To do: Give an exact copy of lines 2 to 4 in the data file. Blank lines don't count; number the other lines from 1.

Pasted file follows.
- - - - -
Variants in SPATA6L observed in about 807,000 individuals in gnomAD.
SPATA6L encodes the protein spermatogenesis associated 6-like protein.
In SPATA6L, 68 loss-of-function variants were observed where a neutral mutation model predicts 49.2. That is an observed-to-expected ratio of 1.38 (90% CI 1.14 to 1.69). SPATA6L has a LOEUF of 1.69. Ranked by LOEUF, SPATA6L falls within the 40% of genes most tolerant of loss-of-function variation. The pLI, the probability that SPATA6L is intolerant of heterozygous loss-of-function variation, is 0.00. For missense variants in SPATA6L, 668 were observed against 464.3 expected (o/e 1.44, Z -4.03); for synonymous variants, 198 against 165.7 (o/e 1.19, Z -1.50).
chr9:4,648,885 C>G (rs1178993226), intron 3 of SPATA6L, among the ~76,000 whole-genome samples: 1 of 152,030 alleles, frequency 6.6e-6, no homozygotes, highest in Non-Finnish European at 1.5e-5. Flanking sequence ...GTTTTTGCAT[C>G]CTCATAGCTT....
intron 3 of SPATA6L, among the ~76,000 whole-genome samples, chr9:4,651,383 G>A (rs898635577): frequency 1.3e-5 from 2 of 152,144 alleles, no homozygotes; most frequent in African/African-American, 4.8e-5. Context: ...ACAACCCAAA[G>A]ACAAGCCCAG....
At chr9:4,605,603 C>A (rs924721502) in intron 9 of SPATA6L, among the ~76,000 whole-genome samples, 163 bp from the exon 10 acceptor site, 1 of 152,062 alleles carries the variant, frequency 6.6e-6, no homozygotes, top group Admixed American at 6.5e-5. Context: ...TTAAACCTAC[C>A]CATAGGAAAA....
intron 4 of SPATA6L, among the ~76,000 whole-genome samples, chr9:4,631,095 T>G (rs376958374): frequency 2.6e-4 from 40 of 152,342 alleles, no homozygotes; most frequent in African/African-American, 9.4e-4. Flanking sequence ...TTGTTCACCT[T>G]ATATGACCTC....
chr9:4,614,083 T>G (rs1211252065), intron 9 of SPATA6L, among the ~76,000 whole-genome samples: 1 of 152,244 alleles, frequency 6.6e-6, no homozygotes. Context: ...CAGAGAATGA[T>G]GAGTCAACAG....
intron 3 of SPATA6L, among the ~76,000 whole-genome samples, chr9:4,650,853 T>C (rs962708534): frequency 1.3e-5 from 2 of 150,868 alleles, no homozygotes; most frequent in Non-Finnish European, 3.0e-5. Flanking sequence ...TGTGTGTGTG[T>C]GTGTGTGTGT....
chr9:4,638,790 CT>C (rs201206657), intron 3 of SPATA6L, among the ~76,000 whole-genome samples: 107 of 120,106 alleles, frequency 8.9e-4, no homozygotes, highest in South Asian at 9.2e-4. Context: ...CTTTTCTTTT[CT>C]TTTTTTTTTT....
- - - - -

SPATA6L encodes the protein spermatogenesis associated 6-like protein.
In SPATA6L, 68 loss-of-function variants were observed where a neutral mutation model predicts 49.2. That is an observed-to-expected ratio of 1.38 (90% CI 1.14 to 1.69). SPATA6L has a LOEUF of 1.69. Ranked by LOEUF, SPATA6L falls within the 40% of genes most tolerant of loss-of-function variation. The pLI, the probability that SPATA6L is intolerant of heterozygous loss-of-function variation, is 0.00. For missense variants in SPATA6L, 668 were observed against 464.3 expected (o/e 1.44, Z -4.03); for synonymous variants, 198 against 165.7 (o/e 1.19, Z -1.50).
chr9:4,648,885 C>G (rs1178993226), intron 3 of SPATA6L, among the ~76,000 whole-genome samples: 1 of 152,030 alleles, frequency 6.6e-6, no homozygotes, highest in Non-Finnish European at 1.5e-5. Flanking sequence ...GTTTTTGCAT[C>G]CTCATAGCTT....